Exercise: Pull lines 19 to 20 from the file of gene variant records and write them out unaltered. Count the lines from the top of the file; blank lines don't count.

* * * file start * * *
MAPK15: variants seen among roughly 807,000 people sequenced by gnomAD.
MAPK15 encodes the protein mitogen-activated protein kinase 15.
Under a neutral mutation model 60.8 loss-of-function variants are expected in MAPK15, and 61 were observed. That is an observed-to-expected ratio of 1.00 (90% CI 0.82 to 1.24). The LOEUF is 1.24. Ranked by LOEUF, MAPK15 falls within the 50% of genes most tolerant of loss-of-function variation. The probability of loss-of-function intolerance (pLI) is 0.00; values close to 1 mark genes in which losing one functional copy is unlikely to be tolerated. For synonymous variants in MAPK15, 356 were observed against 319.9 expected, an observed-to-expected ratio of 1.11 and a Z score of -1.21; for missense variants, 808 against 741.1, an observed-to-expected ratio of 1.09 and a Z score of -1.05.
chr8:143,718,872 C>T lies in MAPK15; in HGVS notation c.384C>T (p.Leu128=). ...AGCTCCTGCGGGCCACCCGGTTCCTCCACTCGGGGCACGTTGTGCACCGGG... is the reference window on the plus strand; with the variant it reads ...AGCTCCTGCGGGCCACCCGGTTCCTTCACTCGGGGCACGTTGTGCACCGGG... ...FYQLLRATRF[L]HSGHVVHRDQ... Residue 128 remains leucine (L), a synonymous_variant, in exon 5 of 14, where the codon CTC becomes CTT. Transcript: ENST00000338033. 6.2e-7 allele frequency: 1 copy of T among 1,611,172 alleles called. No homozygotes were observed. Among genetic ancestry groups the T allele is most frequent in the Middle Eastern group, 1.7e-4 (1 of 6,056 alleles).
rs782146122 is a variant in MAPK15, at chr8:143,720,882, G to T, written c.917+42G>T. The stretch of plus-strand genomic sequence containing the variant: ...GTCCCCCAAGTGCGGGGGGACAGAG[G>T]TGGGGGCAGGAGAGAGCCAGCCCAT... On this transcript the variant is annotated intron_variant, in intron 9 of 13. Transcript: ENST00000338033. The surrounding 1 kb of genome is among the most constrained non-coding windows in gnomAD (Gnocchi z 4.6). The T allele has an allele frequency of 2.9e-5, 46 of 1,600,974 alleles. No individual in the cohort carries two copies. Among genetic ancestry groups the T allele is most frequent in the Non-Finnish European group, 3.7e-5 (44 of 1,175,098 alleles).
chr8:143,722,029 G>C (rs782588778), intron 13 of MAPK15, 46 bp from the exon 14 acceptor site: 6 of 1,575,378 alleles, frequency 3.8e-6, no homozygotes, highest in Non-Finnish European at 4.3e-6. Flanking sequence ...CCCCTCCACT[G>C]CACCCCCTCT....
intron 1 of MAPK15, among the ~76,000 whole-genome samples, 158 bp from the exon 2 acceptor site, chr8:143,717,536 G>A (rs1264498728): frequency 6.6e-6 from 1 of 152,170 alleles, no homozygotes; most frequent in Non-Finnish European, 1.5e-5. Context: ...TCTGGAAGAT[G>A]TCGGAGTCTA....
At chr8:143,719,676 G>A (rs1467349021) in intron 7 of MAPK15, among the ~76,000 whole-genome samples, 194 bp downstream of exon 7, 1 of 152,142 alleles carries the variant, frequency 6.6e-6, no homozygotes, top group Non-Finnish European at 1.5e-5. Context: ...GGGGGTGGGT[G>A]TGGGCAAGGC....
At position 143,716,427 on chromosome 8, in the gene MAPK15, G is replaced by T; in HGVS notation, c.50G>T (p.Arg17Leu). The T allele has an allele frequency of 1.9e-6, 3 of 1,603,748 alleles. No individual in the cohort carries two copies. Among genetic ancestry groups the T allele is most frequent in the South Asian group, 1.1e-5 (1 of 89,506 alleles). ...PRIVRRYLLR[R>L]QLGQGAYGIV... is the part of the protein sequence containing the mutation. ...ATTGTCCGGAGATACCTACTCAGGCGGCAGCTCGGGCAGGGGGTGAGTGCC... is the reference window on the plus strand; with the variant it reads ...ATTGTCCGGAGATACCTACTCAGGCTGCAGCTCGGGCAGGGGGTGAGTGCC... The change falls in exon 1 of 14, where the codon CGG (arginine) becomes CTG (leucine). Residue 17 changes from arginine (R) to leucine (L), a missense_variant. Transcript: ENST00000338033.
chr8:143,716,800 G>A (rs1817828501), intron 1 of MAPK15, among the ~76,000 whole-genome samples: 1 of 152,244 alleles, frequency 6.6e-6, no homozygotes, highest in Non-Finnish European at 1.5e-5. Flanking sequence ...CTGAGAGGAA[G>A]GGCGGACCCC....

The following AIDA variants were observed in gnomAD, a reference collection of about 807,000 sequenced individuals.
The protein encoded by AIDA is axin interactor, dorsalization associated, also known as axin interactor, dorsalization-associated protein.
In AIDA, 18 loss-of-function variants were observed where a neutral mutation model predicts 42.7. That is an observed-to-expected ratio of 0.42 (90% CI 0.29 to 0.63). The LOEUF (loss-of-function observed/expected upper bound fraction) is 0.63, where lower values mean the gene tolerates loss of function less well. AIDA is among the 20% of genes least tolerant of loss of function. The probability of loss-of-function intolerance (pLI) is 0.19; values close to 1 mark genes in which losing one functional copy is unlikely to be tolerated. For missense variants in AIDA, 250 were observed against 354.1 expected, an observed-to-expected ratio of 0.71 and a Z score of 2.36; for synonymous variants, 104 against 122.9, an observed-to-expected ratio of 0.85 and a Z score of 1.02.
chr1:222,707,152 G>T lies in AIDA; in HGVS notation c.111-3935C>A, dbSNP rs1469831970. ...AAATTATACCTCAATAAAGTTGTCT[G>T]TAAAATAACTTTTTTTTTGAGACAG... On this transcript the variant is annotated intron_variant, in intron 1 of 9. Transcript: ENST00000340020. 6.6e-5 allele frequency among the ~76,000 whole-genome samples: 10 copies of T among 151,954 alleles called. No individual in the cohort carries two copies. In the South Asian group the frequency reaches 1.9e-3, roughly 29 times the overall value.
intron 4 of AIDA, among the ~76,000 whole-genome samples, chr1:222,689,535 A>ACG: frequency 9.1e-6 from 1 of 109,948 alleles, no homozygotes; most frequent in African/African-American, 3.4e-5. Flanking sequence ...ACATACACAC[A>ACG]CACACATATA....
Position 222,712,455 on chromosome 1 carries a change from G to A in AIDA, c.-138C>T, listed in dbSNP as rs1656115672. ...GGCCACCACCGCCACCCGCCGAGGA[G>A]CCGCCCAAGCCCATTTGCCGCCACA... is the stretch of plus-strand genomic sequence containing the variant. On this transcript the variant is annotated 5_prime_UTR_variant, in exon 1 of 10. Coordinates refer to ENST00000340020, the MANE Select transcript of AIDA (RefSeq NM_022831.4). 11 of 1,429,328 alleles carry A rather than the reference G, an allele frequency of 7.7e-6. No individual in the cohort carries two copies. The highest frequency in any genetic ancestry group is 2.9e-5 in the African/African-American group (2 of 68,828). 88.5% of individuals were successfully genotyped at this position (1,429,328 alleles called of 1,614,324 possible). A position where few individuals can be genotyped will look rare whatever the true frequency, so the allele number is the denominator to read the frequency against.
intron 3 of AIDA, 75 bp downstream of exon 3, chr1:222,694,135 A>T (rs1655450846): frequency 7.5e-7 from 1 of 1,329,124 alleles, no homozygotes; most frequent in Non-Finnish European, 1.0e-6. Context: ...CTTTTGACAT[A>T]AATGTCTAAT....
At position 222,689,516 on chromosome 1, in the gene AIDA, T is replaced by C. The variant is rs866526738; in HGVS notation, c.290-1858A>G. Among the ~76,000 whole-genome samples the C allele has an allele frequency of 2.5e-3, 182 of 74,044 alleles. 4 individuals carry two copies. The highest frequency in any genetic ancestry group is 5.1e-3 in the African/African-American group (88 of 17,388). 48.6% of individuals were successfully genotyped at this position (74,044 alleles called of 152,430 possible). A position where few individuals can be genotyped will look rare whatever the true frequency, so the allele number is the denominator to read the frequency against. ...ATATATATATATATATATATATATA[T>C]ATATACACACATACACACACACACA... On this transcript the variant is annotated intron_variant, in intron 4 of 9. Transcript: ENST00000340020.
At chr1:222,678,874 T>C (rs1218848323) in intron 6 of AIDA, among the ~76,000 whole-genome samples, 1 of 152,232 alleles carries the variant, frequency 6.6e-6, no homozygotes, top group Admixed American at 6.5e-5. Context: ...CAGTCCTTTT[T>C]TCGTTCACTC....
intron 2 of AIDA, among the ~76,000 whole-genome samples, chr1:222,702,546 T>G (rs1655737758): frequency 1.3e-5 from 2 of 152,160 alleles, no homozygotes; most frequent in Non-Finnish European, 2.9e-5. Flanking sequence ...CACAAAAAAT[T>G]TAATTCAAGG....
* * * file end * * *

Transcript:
At chr1:222,678,874 T>C (rs1218848323) in intron 6 of AIDA, among the ~76,000 whole-genome samples, 1 of 152,232 alleles carries the variant, frequency 6.6e-6, no homozygotes, top group Admixed American at 6.5e-5. Context: ...CAGTCCTTTT[T>C]TCGTTCACTC....
intron 2 of AIDA, among the ~76,000 whole-genome samples, chr1:222,702,546 T>G (rs1655737758): frequency 1.3e-5 from 2 of 152,160 alleles, no homozygotes; most frequent in Non-Finnish European, 2.9e-5. Flanking sequence ...CACAAAAAAT[T>G]TAATTCAAGG....